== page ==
• Is it worth saying that you can’t prevent the death of every child deemed to be at risk, regardless of any external circumstances? There would and will always be cases like Baby P, leading to knee-jerk reactions by the media, and potentially causing as much harm as good.
  • How do you counteract false narratives that are propagated by sections of the media for political ends?
  • Should there be a set timeline for adoption or not? If yes, what should it be? If no, how do you set parameters?
  • Is there a wider question about the way society undervalues diversity and views disadvantage?
  • How can we stop money being wasted by the government on high-profile, ‘scattergun’ interventions which are often shown to have achieved nothing when they are evaluated by practitioners?
  • How big a problem is trafficking of children? Can we believe the narratives in the media?

Comments from the audience

I have just started my MA in Social Work and this has made me aware of some disturbing elephants in the room and what sort of actions I need to think about supporting.

I found the method of presentation simple, powerful, effective. I thought Your performance Sarah was excellent. It was gripping. I think you didn’t need to try and answer the q’s ( except the first that was framed firmly as a q to you).

It didn’t make me think afresh about adoption as i already do but it was good to be able to ‘come out’ on those views in a public debate. My sense is that there has been a big shift in recent years to voices accepted as credible (rather than othered as disgruntled or extremists – some of course, being actually so) being able to question current adoption policy & practice.

I think you could have done even more to engage w evidence in support of adoption & eg the idea that it was precisely because Jobs was removed & adopted that he developed capacity & opportunity to have such an impact. Tho u said u had no views the choices about what material used & ansa’s given suggested u had strong views that much is broken & dysfunctional, just not on how to achieve change & what good wld like.

Abuse on line: What are we going to do about it?

In April 2017  I wrote at length about my experiences of being harassed on-line. How my photograph was repeatedly published, how accusations were made about my intelligence, my appearance, my sexuality. All of this designed to terrifying me into shutting up.  I sought help from a number of agencies and received very little. For some reason, this kind of behaviour is still shrugged off as childish or inconsequential.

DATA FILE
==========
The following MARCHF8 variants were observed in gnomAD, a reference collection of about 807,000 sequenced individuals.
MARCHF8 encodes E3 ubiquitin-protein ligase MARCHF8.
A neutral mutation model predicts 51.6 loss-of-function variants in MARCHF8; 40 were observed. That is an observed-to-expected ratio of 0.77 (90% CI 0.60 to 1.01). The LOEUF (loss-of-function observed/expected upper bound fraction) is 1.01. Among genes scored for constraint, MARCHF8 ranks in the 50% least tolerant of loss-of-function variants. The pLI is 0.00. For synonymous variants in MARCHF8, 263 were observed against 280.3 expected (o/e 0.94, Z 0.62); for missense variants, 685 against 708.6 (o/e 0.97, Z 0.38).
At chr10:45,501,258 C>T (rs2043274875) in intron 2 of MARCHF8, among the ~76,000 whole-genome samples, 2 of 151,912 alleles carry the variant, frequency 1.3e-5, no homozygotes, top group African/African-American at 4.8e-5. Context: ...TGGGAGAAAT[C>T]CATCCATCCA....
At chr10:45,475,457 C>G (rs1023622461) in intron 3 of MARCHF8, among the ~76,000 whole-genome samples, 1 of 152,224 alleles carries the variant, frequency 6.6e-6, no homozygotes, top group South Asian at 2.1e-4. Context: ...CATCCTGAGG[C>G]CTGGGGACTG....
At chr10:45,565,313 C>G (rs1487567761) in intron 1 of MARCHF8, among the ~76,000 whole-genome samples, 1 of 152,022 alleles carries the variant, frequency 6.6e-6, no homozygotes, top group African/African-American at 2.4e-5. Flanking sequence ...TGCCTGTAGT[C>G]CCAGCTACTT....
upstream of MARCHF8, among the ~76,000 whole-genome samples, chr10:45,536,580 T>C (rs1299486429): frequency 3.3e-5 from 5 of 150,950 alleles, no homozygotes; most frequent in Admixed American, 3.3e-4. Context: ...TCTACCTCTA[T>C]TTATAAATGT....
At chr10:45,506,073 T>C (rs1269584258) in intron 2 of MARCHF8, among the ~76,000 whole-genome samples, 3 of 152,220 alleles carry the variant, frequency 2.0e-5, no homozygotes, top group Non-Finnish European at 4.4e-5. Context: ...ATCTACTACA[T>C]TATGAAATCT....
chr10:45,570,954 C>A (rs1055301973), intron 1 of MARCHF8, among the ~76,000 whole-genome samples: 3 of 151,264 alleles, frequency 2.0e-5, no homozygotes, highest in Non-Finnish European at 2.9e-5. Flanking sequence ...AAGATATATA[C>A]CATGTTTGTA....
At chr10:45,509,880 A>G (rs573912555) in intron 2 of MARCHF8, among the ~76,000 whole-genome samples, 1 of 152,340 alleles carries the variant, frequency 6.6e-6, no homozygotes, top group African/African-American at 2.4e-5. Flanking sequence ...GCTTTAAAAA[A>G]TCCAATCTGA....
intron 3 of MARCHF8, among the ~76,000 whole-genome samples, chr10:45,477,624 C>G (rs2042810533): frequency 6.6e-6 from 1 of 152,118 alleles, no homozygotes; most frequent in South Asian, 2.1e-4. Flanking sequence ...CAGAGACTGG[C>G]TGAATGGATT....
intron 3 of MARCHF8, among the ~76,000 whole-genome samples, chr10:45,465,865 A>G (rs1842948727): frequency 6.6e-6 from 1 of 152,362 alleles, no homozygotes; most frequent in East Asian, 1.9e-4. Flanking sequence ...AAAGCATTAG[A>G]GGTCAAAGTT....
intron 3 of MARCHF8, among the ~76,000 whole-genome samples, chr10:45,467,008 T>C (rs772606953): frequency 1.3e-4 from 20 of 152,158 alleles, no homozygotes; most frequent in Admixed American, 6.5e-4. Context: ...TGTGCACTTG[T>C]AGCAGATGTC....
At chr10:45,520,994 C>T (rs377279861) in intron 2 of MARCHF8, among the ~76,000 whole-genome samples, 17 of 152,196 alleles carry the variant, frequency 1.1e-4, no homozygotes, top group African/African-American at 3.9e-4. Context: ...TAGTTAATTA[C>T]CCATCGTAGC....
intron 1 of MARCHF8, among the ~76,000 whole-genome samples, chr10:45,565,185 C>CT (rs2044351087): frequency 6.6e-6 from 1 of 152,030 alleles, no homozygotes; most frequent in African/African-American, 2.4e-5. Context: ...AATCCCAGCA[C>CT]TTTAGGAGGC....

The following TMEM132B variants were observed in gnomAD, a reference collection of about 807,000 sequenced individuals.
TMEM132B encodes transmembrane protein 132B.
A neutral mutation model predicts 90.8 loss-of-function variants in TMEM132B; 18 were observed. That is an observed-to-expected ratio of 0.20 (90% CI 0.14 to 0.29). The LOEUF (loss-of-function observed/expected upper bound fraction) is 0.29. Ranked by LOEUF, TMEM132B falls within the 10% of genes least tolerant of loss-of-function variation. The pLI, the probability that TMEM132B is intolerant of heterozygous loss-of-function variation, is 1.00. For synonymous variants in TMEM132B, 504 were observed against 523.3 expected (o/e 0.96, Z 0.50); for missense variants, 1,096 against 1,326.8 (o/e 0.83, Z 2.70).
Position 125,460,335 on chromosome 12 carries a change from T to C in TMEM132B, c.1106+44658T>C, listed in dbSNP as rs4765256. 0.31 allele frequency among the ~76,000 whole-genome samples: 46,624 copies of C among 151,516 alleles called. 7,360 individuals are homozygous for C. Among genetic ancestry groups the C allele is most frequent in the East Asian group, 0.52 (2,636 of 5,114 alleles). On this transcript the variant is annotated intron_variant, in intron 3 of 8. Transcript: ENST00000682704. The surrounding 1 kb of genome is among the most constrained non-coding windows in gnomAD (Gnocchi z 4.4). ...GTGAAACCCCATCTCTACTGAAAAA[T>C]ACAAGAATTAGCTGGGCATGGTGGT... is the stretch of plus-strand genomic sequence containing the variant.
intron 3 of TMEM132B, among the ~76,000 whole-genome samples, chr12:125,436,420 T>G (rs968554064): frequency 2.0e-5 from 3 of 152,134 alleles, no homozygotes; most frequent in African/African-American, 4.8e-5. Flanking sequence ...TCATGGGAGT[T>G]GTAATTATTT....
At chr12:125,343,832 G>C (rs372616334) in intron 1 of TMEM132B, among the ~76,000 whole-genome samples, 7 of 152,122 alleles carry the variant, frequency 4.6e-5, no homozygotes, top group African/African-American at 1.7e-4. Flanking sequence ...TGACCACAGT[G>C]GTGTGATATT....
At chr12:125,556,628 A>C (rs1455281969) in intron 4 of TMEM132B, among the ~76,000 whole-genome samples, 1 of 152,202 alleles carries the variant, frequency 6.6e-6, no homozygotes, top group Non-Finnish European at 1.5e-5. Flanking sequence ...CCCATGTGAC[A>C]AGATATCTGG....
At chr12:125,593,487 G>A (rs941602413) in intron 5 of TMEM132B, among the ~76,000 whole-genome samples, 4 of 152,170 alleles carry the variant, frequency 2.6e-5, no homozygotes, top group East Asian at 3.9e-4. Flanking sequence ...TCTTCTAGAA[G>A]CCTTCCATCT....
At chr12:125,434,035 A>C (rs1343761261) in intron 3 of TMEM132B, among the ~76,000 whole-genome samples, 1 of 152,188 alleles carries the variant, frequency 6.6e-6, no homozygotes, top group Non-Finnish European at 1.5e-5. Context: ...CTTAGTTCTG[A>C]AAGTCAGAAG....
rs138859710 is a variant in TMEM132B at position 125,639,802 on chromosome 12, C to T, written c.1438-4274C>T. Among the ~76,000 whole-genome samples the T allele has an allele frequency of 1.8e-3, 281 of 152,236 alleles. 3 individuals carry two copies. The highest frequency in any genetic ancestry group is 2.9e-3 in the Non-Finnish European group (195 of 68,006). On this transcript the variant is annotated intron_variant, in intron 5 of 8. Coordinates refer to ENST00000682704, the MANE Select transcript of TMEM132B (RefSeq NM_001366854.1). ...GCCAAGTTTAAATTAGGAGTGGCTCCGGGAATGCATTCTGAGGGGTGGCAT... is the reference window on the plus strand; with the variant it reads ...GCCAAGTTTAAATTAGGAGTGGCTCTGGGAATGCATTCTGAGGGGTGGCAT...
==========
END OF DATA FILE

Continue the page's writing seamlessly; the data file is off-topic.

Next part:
It isn’t.

I have more than usual resilience and an atypically combative nature. Even I have been shocked and frightened by what has been aimed at me. Particularly when my child is targeted.

I foolishly stated in April that this would be my ‘last word’ on the topic. I was fed up of so much of my time and energy being distracted by contemplating the ugly behaviour of some very disturbed people.

But they didn’t stop. They started publishing my address. They started to try and use outside agencies such as the Information Commissioners Office, as a vehicle for their harassment. They continued to make bogus and malicious complaints to my Chambers (it seems in the mistaken belief that I am employed by my Chambers and could thus be sacked).

I kept hearing more and more accounts of people -usually women – forced off social medial because of persistent and malicious abuse directed at them.

I made nearly 50 reports to Twitter about the people who were violating its terms of service; Twitter responded to agree that yes they had! then did nothing. The abuse continues.

On my Twitter feed this morning I see the following post from another woman driven off social media by intimidation and others publishing her private details.

 

 

Enough surely is enough?

If Twitter won’t act – maybe we can.  I am fed up of moaning about this, of nothing ever changing, of almost every day finding that I had to deal with insults, abuse and attempts at intimidation. This is particularly depressing when the main offender is a member of a regulated and protected profession – yet the profession takes an entirely relaxed approach to what has been persistently disgraceful and public behaviour for well over a year now.